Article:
DENVER - A trial court incorrectly found the pink trade dress of its hip joint components to be functional, a trademark holder argues in a Feb. 9 brief to the 10th Circuit U.S. Court of Appeals, seeking reversal of a judgment deeming its color pink trademark registrations unprotectable and not infringed (C5 Medical Werks LLC, et al. v. CeramTec GmbH, No. 17-1173, 10th Cir.).
LOUISVILLE, Ky. - Assertions by Universal Music Group Inc. that personal jurisdiction over it is lacking in Kentucky were rejected Feb. 13 by a Kentucky federal judge, who instead ruled that the copyright case against the music publisher can proceed for now (Leroy Mitchell v. Capitol Records LLC, et al., No. 15-174, W.D. Ky., 2018 U.S. Dist. LEXIS 23351).
WASHINGTON, D.C. - A $12 million verdict on allegations of patent infringement was "fundamentally unfair," according to a defendant who presented its case to the Federal Circuit U.S. Court of Appeals in oral arguments held Feb. 12 (Cave Consulting Group v. OptumInsight Inc., No. 17-1060, Fed. Cir.).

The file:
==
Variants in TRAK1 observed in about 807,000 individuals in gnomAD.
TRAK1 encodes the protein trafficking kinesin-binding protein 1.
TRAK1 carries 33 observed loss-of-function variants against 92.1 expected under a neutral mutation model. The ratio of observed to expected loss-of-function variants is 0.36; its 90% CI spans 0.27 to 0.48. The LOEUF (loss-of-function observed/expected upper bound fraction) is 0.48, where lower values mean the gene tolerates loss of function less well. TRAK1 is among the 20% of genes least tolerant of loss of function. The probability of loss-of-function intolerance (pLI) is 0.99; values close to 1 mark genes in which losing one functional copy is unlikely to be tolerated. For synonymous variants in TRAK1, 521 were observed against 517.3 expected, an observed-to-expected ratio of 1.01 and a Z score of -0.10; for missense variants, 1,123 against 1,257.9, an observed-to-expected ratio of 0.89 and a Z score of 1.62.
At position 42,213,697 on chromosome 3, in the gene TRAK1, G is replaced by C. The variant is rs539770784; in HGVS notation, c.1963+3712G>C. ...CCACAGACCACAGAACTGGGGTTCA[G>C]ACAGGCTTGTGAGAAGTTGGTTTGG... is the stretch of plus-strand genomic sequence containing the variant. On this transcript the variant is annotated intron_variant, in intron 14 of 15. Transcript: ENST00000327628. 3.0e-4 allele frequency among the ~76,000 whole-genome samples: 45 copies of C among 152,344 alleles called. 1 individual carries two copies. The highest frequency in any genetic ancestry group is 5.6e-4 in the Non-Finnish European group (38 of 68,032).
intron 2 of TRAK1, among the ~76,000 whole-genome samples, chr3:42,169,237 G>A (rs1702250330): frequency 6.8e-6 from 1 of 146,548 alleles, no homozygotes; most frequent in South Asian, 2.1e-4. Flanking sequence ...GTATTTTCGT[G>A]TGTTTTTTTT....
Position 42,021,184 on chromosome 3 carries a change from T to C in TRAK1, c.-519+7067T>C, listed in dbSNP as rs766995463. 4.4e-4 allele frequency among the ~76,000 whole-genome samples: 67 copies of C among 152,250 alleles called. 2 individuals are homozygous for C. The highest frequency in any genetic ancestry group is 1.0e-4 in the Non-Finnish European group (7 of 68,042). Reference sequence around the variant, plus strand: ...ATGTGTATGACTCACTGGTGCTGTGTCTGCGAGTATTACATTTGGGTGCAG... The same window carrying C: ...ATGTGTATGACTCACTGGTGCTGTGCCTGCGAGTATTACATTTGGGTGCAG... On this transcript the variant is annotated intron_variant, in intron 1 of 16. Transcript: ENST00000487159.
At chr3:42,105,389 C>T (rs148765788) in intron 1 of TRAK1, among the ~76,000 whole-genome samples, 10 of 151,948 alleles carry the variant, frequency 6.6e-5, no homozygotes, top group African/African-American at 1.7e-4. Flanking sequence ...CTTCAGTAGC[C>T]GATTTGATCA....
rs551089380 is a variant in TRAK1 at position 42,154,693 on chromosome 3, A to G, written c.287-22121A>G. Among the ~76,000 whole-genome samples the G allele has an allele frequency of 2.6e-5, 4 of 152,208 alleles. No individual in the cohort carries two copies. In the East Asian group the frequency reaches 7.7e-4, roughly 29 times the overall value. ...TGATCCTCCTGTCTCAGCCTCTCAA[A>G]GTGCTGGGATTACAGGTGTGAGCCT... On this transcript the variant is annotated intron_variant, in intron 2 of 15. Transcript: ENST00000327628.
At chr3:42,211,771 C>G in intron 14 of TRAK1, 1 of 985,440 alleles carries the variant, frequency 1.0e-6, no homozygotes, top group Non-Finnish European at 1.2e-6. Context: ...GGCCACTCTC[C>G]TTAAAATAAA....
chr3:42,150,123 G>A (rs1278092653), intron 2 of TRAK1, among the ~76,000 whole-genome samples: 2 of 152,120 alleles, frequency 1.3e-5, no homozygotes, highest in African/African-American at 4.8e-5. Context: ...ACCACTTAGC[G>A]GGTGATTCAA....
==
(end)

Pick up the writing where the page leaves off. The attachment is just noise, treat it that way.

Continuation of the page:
SAN FRANCISCO - A blind man who sued Domino's Pizza LLC for purportedly violating the Americans with Disabilities Act (ADA) with a website that is inaccessible to the visually impaired tells the Ninth Circuit U.S. Court of Appeals in a Feb. 9 reply brief that his complaint was improperly dismissed amid due process concerns despite the pizza chain's ample notice of its website accessibility obligations (Guillermo Robles v. Domino's Pizza LLC, No. 17-55504, 9th Cir.).
SAN JOSE, Calif. - The city of Providence, R.I., on Feb. 12 filed a consumer protection class action complaint against Intel Corp. in California federal court, charging the microprocessor chip manufacturer with unfair competition and warranty violations related to the recently discovered "Meltdown" and "Spectre" security vulnerabilities that can reportedly affect millions of computers and devices worldwide, resulting in the exposure of users' sensitive information (Providence v. Intel Corp., No. 5:18-cv-00894, N.D. Calif.).